The attacks have been claimed by Islamist group al Shabaab
A "hellish" gun battle erupted at a hotel in the Somali capital Mogadishu after militants rammed a car bomb into the gates and stormed the building.
A second car bomb targeted the former parliament house nearby, and a third blast was reported when an attacker detonated a suicide vest at the hotel.
At least 23 people, including many policemen, were killed in Saturday's coordinated attacks, and more than 30 others were wounded.
A police commander and a former MP are also reportedly among the dead.
More than 20 people, including government officials, were believed to have been trapped as security forces battled extremists holed up on the top floor of the Nashablod Two hotel, close to the presidential palace.
One officer describing a "hellish" gun battle as security forces stormed part of the building.
The attacks have been claimed by Islamist group al Shabaab.
After the car bomb detonated after crashing into the hotel gates, a second bomb in a minibus exploded at a nearby intersection.
The second explosion "occurred at the ex-parliament house where there were (military) forces," a police officer said.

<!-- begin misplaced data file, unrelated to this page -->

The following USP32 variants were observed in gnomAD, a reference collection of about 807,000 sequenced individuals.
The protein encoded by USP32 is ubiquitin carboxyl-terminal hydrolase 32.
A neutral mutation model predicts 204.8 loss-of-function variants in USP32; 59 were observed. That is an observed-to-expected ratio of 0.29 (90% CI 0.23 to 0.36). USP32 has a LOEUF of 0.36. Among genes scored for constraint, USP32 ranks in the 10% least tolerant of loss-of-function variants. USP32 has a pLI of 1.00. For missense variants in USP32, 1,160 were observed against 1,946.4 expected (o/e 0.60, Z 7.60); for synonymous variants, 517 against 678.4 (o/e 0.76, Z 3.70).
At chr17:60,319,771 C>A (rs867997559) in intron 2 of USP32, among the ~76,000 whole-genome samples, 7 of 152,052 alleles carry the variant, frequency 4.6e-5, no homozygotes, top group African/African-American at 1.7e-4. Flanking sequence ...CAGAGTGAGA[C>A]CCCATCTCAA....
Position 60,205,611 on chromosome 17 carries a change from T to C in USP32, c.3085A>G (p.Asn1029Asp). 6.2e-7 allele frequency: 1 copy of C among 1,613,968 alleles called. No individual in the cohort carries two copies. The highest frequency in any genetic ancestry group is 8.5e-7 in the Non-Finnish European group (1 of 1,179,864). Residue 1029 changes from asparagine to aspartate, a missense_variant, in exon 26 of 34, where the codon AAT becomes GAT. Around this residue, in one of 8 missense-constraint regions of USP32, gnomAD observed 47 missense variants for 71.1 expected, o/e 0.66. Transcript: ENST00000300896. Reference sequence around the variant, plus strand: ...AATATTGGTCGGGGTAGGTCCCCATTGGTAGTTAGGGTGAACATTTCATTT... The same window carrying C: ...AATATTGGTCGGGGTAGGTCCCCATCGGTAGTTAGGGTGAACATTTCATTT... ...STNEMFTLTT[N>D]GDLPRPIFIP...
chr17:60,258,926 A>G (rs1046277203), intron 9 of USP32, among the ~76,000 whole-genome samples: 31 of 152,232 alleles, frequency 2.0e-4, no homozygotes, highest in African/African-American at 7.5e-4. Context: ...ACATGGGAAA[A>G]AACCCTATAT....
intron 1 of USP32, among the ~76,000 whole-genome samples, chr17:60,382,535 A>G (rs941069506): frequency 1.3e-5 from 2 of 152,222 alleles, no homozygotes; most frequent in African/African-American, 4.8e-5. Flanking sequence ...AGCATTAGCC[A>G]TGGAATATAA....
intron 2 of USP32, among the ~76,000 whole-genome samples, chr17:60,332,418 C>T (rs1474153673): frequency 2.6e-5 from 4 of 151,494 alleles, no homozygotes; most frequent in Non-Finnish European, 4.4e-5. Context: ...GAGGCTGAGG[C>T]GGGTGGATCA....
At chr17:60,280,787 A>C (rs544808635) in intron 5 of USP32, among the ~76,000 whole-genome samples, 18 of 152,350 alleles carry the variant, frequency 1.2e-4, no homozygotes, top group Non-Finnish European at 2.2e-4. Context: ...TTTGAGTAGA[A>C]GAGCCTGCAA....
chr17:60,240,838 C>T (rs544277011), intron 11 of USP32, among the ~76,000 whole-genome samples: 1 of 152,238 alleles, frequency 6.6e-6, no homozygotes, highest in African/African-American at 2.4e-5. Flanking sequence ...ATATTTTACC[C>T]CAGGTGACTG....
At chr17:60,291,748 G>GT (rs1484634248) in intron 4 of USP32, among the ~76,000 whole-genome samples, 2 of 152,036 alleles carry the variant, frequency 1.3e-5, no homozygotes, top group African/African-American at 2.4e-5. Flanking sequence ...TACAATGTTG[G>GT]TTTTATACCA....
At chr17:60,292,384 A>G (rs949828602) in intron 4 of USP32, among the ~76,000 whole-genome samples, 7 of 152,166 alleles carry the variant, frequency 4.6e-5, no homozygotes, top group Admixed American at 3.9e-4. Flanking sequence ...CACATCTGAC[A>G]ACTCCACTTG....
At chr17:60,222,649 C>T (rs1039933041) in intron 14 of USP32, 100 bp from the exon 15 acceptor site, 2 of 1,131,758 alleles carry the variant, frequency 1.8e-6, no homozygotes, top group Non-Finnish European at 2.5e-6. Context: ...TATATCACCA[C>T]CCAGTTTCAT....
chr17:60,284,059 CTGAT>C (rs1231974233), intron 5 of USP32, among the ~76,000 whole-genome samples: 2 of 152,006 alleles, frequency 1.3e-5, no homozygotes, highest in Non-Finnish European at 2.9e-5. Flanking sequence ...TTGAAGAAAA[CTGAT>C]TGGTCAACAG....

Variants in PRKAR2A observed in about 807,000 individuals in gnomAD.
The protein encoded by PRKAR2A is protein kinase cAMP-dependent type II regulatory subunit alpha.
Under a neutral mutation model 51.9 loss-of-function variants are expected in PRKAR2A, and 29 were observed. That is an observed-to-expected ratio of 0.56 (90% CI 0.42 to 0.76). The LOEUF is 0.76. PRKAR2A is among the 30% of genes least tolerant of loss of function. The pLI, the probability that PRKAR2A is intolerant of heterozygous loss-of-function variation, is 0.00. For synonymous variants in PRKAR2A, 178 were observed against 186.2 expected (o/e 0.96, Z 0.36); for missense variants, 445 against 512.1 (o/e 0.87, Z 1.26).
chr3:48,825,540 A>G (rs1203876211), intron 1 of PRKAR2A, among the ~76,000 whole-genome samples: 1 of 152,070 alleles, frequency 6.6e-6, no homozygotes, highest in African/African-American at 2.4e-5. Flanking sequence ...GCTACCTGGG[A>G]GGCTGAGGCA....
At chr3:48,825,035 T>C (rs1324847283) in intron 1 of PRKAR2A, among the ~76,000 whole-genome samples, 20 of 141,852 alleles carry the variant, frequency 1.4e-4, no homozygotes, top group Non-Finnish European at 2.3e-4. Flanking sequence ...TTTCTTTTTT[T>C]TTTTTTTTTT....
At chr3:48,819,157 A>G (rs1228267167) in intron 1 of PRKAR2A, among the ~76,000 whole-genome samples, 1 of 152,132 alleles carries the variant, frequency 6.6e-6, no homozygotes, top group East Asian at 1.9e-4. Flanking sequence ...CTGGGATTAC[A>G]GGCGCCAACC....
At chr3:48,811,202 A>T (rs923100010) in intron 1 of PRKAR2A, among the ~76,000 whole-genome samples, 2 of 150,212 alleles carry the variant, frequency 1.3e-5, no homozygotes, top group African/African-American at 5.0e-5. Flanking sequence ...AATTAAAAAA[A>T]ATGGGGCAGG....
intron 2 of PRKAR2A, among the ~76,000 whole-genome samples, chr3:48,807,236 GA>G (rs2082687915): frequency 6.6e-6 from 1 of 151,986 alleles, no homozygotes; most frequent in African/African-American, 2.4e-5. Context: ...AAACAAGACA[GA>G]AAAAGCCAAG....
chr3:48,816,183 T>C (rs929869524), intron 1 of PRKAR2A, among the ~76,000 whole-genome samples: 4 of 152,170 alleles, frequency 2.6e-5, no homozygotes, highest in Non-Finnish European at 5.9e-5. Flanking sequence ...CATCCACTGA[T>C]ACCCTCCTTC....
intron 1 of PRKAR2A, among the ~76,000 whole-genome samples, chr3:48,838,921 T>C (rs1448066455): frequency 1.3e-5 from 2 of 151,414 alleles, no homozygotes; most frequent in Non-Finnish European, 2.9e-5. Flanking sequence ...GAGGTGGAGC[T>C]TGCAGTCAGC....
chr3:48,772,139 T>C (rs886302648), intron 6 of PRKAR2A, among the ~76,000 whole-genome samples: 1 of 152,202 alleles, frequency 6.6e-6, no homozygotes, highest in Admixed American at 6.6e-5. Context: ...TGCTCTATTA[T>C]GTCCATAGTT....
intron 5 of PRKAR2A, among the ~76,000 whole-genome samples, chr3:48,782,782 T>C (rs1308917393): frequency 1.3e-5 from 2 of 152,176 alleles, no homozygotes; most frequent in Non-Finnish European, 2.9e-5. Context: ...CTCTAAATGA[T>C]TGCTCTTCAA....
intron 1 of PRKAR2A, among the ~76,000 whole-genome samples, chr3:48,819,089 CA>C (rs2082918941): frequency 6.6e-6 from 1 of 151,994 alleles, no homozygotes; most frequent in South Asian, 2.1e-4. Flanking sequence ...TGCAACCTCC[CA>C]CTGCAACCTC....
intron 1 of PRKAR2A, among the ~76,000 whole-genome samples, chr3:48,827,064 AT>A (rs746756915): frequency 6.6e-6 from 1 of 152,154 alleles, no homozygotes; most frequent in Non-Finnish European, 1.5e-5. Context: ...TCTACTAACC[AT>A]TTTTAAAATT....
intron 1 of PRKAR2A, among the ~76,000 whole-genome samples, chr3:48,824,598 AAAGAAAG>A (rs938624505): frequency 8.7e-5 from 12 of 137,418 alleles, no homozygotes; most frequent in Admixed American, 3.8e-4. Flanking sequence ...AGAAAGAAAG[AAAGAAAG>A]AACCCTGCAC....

A third blast is understood to have been caused by the detonation of an attacker's suicide vest as the militants - reportedly disguised as Somali military personnel - hurled grenades and cut off the building's electricity.
According to reports, al Shabaab also broadcast a statement on its Andalus radio station, claiming: "Mujahedeen fighters are inside Nashablod Two hotel where... apostate officials are staying."
Al Shabaab, which is affiliated with al Qaeda, has killed hundreds of Somalis as it seeks to impose its strict interpretation of Islamic law.
The Nashablod Two hotel, which is reportedly owned by Somalia's interior security minister, and a local restaurant were reportedly evacuated, with wounded people among the evacuees.
The areas affected are popular with Somalia's elite and are frequented by politicians, civil servants and security personnel.
The explosion comes just two weeks after more than 350 people were killed in a truck bombing in the city, including 15 children.
A second explosion followed the larger bombing in that attack too, although in a different location.
Somalia's government also attributed that attack to al Shabaab.
The presidential palace, known as the Villa Somalia, was previously attacked by nine of the terrorist group's militants in 2014.
All of the militants were killed in the 2014 attack, as well as at least five Somali security officials.
Somalia's president Mohamed Abdullahi Mohamed has been visiting other countries in the east African region to request their support in the fight against al Shabaab following the previous attacks.
A multinational African Union force with 22,000 troops in Somalia is expected to withdraw by the end of 2020.
The US military has increased its strikes against al Shabaab this year with almost 20 drone missions against the terror group.
The Department of Foreign Affairs advises against all travel to Somalia.